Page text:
The Andromeda has a slightly warmer and more musical coloration in its presentation with typical bumps in the low-end around 80-100Hz, mids around 1-2k, and that impressive high-end 7-9k peak.
It is not as aggressive as the Solaris nor does it possess the same amount of bass/treble contrast, however, you could argue it has more of a planted feel to its presentation than the reference tuning of the Ara.
The Ara is more neutral with only a mild mid-bass hump and a more controlled upper treble compared to the Andromeda. It has more of a natural smooth tone to my ears with less bass/treble contrast and a bit more body in the mids and treble also.
I can’t speak highly enough just how refined the crossovers are on the Ara with the bass to mids transition and mids to treble sounding almost seamless and very natural throughout. It gives the Ara a more life-like midrange timbre, sometimes almost analog in tone without that feisty treble of the Andromeda.
The Andromeda has some nice vocal presence but it doesn’t quite have the same focus or resolution and also a shade narrower in staging. The Andromeda is the deeper and taller of the two but that wide midrange of the Ara will create a perception of something a bit more spacious.
Campfire Audio Solstice
Our review of this is coming very soon though we did do an introductory feature earlier this year which you can find here. The Solstice, at a high level, is a custom version of the Andromeda but with some innovations that are now seen in the Ara.
Features such as the 3D printed Solid Body concept first saw the light of day in Campfire’s custom monitors of which the Solstice is one of them.
The Solstice also uses T.E.A.C technology and a modified acoustic chamber as well as a similar driver configuration to the Andromeda. This is an all BA design with 2 for the lows, 1 for the mids, and 2 for the highs compared to Ara’s 7 driver configuration with 4 for the lows, 1 for the mids, and 2 for the highs.
The designs are very different with one being custom and the other being universal. The blended acrylic and chrome-finished stainless-steel center Solstice is going to be the more comfortable and with no bass venting, the better of the two for passive isolation.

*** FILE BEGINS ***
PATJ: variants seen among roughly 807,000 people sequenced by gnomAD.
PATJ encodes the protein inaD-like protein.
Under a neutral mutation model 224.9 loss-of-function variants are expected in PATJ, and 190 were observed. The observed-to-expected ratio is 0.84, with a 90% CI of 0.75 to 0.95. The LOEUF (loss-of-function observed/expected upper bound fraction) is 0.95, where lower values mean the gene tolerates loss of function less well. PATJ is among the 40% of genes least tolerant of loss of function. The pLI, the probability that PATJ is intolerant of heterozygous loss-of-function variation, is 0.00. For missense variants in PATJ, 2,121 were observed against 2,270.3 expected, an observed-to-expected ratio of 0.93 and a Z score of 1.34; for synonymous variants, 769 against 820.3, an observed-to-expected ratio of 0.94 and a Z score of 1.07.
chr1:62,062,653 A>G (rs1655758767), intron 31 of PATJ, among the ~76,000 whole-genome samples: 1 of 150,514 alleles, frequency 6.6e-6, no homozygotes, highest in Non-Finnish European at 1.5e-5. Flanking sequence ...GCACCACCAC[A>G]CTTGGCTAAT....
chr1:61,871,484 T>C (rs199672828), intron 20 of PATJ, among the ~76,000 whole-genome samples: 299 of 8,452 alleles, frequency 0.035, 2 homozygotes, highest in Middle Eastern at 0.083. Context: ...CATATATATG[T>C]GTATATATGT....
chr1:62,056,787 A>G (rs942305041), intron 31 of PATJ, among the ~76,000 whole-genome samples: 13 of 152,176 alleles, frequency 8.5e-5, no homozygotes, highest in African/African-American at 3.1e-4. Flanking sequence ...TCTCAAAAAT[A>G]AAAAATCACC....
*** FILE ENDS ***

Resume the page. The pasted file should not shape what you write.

The Ara is smaller and does well with the new nozzle length and a machining finish I consider to be slightly smoother than the older hexagonal bodies. However, tips will still play a major role in how the Ara will sound.
Both used the upgraded Litz MMCX terminated cable with the smokey twisted jacket so the performance from both will be the same in terms of handling and microphonics.
The Solstice is not really just an Andromeda in a custom shell, it does have some variations which we will go into more detail in the main Solstice review very soon.
At a high level, the Solstice lays off the low-end a shade compared to the original Andromeda, fills in the lower-mids a bit more. The vocals have a sweeter timbre and the treble, though extended, has a slightly wetter and smoother delivery.
Compared to the Ara, the Solstice will still give the warmer more planted low-end sound. The Ara has the drier and lighter reference timbre but it is not as soft. It is actually very nicely defined and it does seem to have a better turn of pace than the Solstice equivalent.
Where the Ara stretches ahead for me is that open midrange and solid vocal delivery. The Ara vocals have a bit more odd-harmonic infusion or the cleaner of the two timbres but they also have a lot more presence and focus and do not sound like they are suffering from a lack of air.
Again, sounding like a broken record, the seamless transitions really help with both timbre and presence on the Ara. By comparison, the Solstice vocals are a little more rounded for me with more warmth and even-harmonic balance drawn from a warmer low-end.
The Solstice treble tuning does not have quite the same bass/lower-treble contrast as the Andromeda so its sparkle is more in the upper treble with a lighter ethereal overtone on percussion. The Ara has a bit more upper mids and lower-treble presence so higher pitching female vocals and lower-treble percussion have more presence and bite.
The Ara is Campfire Audio’s most refined and studied creation to date. It is unique in its seamless crossover tuning creating what I would call a controlled hi-fidelity experience.
Its reference-like timbre and excellent headroom will appeal hugely to discerning audiophiles looking for something with more of a deft control on detailed recordings. Recordings that place instruments and vocals front and center.
Bassheads sorry this is a no go. The Solaris series, and perhaps even the Andromeda will give you that heavier hitting low-end experience. The Ara moves the listener engagement further up the frequency response but without the dry analytical experience that so often accompanies that switch in emphasis.
I have been looking for something like this from Campfire Audio for a while now so I do encourage you to demo the Ara if the above description appeals to you. It is a lovely compliment to their existing lineup.